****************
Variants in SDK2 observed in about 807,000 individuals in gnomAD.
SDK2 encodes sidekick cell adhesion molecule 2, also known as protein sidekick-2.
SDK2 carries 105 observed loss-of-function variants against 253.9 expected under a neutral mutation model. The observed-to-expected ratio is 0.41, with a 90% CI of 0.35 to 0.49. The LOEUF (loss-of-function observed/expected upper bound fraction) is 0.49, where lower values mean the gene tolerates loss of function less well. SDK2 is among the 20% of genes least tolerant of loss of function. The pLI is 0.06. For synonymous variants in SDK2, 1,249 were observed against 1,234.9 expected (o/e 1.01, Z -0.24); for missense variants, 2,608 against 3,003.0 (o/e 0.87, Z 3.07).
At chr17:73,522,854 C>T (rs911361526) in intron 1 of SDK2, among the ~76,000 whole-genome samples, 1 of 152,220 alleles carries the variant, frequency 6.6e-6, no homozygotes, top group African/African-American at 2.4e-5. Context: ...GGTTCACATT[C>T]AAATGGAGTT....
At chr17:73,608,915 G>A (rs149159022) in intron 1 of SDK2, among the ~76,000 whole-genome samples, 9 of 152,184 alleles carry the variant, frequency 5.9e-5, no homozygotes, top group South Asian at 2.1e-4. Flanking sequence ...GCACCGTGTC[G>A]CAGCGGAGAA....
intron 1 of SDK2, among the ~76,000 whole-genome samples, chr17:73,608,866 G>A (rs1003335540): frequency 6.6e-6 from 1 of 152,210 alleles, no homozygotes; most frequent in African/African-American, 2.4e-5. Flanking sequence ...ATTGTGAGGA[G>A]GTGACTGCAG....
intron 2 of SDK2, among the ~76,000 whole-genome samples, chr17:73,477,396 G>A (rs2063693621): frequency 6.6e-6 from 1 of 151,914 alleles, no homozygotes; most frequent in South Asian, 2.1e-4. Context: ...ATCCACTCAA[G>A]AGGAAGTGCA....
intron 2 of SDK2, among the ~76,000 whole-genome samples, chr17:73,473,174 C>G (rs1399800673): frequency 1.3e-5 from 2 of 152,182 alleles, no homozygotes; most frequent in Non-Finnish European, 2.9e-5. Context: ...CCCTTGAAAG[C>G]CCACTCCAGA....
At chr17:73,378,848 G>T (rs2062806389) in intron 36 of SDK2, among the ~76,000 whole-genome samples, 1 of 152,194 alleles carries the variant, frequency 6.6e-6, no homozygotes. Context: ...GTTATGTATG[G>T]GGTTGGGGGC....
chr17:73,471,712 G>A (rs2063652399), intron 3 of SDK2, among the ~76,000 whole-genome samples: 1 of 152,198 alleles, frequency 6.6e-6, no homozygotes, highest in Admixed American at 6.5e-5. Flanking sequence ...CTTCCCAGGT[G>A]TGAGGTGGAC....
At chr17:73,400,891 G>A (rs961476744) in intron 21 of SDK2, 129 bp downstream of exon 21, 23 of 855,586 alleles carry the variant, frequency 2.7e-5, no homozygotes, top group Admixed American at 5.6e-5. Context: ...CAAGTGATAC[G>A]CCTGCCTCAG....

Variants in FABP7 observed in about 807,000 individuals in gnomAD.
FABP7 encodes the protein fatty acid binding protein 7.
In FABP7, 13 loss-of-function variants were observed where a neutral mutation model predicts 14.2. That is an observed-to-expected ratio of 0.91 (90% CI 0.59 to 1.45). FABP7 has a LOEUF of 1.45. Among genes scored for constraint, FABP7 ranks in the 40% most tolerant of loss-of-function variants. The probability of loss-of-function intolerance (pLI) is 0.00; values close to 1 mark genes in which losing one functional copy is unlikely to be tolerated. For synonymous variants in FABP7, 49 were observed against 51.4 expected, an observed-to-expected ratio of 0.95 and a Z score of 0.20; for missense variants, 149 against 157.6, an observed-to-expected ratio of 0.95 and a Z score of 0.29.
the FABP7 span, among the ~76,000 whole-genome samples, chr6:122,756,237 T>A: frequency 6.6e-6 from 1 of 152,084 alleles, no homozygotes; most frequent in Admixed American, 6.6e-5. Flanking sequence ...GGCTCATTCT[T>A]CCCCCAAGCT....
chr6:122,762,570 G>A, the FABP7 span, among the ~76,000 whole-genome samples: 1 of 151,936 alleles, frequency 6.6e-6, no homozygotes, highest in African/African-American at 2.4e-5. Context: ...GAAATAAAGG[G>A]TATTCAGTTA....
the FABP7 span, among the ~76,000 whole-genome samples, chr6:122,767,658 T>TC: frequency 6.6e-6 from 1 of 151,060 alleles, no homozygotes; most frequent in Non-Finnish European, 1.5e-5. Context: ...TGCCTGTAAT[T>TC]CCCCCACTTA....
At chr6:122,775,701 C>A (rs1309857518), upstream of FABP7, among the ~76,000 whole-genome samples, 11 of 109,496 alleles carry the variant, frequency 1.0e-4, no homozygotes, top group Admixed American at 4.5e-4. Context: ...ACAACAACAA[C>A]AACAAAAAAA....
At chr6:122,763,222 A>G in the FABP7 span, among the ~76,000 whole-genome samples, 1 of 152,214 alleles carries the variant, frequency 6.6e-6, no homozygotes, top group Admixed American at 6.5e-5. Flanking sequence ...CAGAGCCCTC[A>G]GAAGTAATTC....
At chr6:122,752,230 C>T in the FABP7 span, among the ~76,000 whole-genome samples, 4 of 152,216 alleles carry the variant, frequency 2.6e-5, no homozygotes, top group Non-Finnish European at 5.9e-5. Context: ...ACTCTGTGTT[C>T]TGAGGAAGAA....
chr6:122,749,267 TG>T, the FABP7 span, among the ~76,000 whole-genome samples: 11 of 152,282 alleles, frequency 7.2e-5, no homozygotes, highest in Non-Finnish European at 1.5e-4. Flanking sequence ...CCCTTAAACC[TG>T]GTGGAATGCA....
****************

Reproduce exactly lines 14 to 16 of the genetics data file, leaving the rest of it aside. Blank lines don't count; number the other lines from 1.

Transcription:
In FABP7, 13 loss-of-function variants were observed where a neutral mutation model predicts 14.2. That is an observed-to-expected ratio of 0.91 (90% CI 0.59 to 1.45). FABP7 has a LOEUF of 1.45. Among genes scored for constraint, FABP7 ranks in the 40% most tolerant of loss-of-function variants. The probability of loss-of-function intolerance (pLI) is 0.00; values close to 1 mark genes in which losing one functional copy is unlikely to be tolerated. For synonymous variants in FABP7, 49 were observed against 51.4 expected, an observed-to-expected ratio of 0.95 and a Z score of 0.20; for missense variants, 149 against 157.6, an observed-to-expected ratio of 0.95 and a Z score of 0.29.
the FABP7 span, among the ~76,000 whole-genome samples, chr6:122,756,237 T>A: frequency 6.6e-6 from 1 of 152,084 alleles, no homozygotes; most frequent in Admixed American, 6.6e-5. Flanking sequence ...GGCTCATTCT[T>A]CCCCCAAGCT....
chr6:122,762,570 G>A, the FABP7 span, among the ~76,000 whole-genome samples: 1 of 151,936 alleles, frequency 6.6e-6, no homozygotes, highest in African/African-American at 2.4e-5. Context: ...GAAATAAAGG[G>A]TATTCAGTTA....